Spring 2006 Edge series
Sunday, April 2, 2006 at 4:00pm
Sunday, April 2, 2006 at 7:00pm
Rated NR ·
Giving an art-film aesthetic to a touching family drama, director Phil Morrison and screenwriter Angus MacLachlan present their first feature, which was shot in their hometown of Winston-Salem, North Carolina. The film is set in nearby Pfafftown and Pilot Mountain, and location is itself a character in the film as long sequences of soundless photography show rows of houses, or rooms in a house, or stretches of farmland—capturing the essence of this area of the South.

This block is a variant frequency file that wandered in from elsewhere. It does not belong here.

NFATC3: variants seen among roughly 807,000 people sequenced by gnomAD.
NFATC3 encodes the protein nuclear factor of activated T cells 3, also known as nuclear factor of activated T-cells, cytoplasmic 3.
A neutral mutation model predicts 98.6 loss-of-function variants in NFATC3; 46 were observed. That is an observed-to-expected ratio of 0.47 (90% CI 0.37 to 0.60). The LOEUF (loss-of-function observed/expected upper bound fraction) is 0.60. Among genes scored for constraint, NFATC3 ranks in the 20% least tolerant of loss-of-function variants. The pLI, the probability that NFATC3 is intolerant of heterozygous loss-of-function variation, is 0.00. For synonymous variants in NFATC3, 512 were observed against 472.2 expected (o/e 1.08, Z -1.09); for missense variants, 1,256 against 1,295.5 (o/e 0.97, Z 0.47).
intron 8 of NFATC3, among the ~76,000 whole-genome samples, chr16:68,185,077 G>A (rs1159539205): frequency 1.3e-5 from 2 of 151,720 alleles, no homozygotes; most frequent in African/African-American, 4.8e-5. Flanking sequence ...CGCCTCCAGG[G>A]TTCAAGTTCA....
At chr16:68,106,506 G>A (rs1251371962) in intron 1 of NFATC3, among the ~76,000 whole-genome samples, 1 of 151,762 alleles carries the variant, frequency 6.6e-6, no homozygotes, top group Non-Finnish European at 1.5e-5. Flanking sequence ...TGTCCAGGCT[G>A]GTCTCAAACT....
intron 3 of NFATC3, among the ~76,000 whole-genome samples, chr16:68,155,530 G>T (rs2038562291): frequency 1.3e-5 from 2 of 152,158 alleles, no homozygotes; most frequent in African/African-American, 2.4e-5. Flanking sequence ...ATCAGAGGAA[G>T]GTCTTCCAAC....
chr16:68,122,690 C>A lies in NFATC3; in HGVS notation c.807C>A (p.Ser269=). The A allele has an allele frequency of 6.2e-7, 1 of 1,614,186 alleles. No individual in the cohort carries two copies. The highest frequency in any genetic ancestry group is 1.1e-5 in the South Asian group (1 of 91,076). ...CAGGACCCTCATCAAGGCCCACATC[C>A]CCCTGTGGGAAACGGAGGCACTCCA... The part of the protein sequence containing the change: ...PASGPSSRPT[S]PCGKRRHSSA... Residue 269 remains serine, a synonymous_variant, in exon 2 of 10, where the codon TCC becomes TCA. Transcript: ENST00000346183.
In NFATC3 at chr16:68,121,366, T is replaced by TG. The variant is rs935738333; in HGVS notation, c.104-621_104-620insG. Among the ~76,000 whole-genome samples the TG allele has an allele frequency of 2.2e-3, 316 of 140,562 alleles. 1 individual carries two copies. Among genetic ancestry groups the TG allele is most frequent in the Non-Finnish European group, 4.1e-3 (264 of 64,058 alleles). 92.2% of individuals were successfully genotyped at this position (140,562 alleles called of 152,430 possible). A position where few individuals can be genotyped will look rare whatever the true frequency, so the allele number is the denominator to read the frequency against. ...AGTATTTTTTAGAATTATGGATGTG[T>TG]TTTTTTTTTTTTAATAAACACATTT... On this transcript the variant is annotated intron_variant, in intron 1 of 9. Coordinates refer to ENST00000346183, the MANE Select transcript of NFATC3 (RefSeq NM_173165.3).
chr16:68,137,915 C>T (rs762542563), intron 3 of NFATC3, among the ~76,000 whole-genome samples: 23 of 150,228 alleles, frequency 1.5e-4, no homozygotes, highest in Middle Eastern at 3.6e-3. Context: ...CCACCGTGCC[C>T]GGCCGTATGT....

Successful, cosmopolitan, and adorable Chicago couple Madeleine (Embeth Davidtz) and George (Alessandro Nivola) meet at a fancy art auction where she is working as a dealer, and they are married six months later. Madeleine is recruiting an outsider artist, and she travels to rural North Carolina to meet him. George accompanies her, as he is originally from Pfafftown, and though it has been three years since he visited home, Madeleine insists on meeting his family. When she does, she finds herself in a world totally different from her own, and sees a new side of her husband. His mother Peg (Celia Weston) and father Eugene (Scott Wilson) are quiet homebodies who aren’t sure what to make of Madeleine’s sophisticated career and lilting British accent. George’s deadbeat brother Johnny (Ben McKenzie) never finished high school, and lives at home with his young wife Ashley (Amy Adams), who is naive and bubbly—and very pregnant. While the family’s simplicity, traditional values, and religion make them suspicious of Madeleine, Ashley is the one bright-eyed spirit who is happy to have Madeleine as a sister-in-law and celebrates her marriage to George. Junebug is an effecting film that sheds light both on the always-surprising nature of in-laws, and the unique culture of the South.